“The Fine Arts Museums of San Francisco house one of the world’s greatest 350-year survey collections of American art,” says Max Hollein, Director and CEO of the Fine Arts Museums. “Accordingly, we feel a special responsibility to take the lead in expanding the representation of artists who reflect the historical diversity and complexity of American culture. This exhibition celebrates our groundbreaking acquisition and allows us to introduce this work and these artists to what may be a completely new audience.”

These objects are powerful testaments to the continuity and survival of African American culture. Born in the era of Jim Crow segregation—and with slavery in their inherited memory—the majority of these artists were self-taught. The works in this collection embody the promise and progress of freedom in the civil rights era, and address some of the most profound and persistent issues in American society, such as race, class, gender, identity, and spirituality. Historically marginalized, patronized, or promoted with reductive terms such as folk, naive, or outsider, these artists have only recently garnered new exhibition opportunities, museum representation, and foundation and collector support, as well as critical and popular acclaim.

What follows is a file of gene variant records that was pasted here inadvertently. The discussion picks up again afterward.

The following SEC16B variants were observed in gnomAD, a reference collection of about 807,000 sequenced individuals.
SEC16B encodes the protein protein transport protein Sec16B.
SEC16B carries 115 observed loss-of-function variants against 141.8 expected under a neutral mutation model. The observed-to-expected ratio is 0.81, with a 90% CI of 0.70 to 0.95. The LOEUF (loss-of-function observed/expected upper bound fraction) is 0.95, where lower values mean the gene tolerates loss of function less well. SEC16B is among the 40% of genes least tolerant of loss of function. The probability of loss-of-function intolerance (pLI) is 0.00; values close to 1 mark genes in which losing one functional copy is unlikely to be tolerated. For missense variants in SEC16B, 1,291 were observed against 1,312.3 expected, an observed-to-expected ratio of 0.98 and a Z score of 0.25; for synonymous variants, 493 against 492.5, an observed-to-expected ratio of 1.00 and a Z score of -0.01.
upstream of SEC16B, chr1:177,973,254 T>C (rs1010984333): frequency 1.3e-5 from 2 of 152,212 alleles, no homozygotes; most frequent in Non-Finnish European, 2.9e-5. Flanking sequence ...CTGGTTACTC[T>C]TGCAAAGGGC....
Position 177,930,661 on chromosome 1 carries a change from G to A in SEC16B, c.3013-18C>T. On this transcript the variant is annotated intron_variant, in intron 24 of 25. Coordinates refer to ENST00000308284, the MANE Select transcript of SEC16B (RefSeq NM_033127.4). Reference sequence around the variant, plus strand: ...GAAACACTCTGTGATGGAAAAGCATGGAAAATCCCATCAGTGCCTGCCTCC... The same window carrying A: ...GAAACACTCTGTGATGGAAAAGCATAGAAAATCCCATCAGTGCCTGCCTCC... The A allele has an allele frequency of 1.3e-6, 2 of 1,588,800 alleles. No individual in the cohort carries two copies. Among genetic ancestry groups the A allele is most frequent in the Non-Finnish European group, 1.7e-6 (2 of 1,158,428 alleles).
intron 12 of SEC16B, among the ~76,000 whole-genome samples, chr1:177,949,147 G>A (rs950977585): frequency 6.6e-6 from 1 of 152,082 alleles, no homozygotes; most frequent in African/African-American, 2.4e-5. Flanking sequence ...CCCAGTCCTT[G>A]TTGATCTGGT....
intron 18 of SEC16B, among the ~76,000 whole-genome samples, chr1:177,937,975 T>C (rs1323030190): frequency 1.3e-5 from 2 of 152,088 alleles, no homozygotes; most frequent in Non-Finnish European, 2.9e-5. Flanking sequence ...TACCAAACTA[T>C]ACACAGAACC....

Displayed in galleries usually reserved for the permanent collection of American art, Revelations: Art from the African American South will showcase the entire acquisition alongside relevant works drawn from the collection of the Fine Arts Museums of San Francisco, including prints by Kara Walker and sculptures by British artist Cornelia Parker and Ghanaian artist El Anatsui.